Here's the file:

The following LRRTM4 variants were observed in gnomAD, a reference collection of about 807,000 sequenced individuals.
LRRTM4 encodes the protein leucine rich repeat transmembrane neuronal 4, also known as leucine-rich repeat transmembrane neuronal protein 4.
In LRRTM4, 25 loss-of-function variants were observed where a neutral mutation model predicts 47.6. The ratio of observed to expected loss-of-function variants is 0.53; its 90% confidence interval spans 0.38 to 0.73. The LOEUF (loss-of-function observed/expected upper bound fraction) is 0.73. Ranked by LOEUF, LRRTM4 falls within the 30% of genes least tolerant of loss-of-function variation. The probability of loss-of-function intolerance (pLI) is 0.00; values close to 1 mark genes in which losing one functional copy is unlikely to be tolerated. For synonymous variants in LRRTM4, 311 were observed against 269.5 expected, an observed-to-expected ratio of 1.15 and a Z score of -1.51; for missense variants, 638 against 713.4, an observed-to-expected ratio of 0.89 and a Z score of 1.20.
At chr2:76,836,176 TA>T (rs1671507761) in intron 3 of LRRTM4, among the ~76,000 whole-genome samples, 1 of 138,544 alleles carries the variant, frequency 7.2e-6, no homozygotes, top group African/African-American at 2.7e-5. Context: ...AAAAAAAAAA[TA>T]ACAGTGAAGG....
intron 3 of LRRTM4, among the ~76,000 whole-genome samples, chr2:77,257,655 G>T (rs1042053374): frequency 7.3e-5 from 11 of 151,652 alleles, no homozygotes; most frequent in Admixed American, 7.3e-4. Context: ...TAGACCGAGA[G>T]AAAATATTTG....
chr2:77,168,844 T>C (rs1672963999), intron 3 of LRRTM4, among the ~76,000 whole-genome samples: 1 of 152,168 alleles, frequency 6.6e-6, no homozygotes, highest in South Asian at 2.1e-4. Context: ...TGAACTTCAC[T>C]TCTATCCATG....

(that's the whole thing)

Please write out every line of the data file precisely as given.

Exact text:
The following LRRTM4 variants were observed in gnomAD, a reference collection of about 807,000 sequenced individuals.
LRRTM4 encodes the protein leucine rich repeat transmembrane neuronal 4, also known as leucine-rich repeat transmembrane neuronal protein 4.
In LRRTM4, 25 loss-of-function variants were observed where a neutral mutation model predicts 47.6. The ratio of observed to expected loss-of-function variants is 0.53; its 90% confidence interval spans 0.38 to 0.73. The LOEUF (loss-of-function observed/expected upper bound fraction) is 0.73. Ranked by LOEUF, LRRTM4 falls within the 30% of genes least tolerant of loss-of-function variation. The probability of loss-of-function intolerance (pLI) is 0.00; values close to 1 mark genes in which losing one functional copy is unlikely to be tolerated. For synonymous variants in LRRTM4, 311 were observed against 269.5 expected, an observed-to-expected ratio of 1.15 and a Z score of -1.51; for missense variants, 638 against 713.4, an observed-to-expected ratio of 0.89 and a Z score of 1.20.
At chr2:76,836,176 TA>T (rs1671507761) in intron 3 of LRRTM4, among the ~76,000 whole-genome samples, 1 of 138,544 alleles carries the variant, frequency 7.2e-6, no homozygotes, top group African/African-American at 2.7e-5. Context: ...AAAAAAAAAA[TA>T]ACAGTGAAGG....
intron 3 of LRRTM4, among the ~76,000 whole-genome samples, chr2:77,257,655 G>T (rs1042053374): frequency 7.3e-5 from 11 of 151,652 alleles, no homozygotes; most frequent in Admixed American, 7.3e-4. Context: ...TAGACCGAGA[G>T]AAAATATTTG....
chr2:77,168,844 T>C (rs1672963999), intron 3 of LRRTM4, among the ~76,000 whole-genome samples: 1 of 152,168 alleles, frequency 6.6e-6, no homozygotes, highest in South Asian at 2.1e-4. Context: ...TGAACTTCAC[T>C]TCTATCCATG....